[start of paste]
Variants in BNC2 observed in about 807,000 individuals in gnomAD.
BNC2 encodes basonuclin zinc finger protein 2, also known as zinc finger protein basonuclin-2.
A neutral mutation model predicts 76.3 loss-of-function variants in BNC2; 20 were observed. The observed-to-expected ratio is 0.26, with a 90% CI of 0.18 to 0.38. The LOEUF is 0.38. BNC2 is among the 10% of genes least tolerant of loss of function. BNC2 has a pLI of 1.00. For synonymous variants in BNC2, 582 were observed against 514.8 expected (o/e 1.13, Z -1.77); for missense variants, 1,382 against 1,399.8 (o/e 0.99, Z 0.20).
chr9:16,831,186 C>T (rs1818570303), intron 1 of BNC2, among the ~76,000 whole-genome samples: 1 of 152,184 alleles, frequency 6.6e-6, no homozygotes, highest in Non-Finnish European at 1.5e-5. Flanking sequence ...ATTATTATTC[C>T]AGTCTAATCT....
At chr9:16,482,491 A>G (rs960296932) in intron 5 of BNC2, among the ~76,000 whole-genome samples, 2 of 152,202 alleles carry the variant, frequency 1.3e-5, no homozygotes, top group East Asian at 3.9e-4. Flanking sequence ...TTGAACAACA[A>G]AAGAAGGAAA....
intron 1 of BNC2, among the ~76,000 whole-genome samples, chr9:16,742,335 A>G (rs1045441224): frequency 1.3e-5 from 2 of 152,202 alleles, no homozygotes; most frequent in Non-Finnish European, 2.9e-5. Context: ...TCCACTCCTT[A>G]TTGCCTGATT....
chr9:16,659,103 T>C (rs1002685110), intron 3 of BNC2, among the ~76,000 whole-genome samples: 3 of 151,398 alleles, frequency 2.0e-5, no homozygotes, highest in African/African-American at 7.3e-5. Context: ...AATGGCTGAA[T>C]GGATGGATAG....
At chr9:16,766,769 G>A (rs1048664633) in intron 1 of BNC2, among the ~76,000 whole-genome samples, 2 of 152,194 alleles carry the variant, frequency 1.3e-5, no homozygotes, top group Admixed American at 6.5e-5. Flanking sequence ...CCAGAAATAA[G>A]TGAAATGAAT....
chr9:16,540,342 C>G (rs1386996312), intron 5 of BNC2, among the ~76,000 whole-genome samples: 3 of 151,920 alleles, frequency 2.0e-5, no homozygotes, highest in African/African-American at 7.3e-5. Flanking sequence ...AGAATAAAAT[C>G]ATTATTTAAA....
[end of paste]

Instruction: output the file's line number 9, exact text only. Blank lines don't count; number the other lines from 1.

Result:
chr9:16,540,342 C>G (rs1386996312), intron 5 of BNC2, among the ~76,000 whole-genome samples: 3 of 151,920 alleles, frequency 2.0e-5, no homozygotes, highest in African/African-American at 7.3e-5. Flanking sequence ...AGAATAAAAT[C>G]ATTATTTAAA....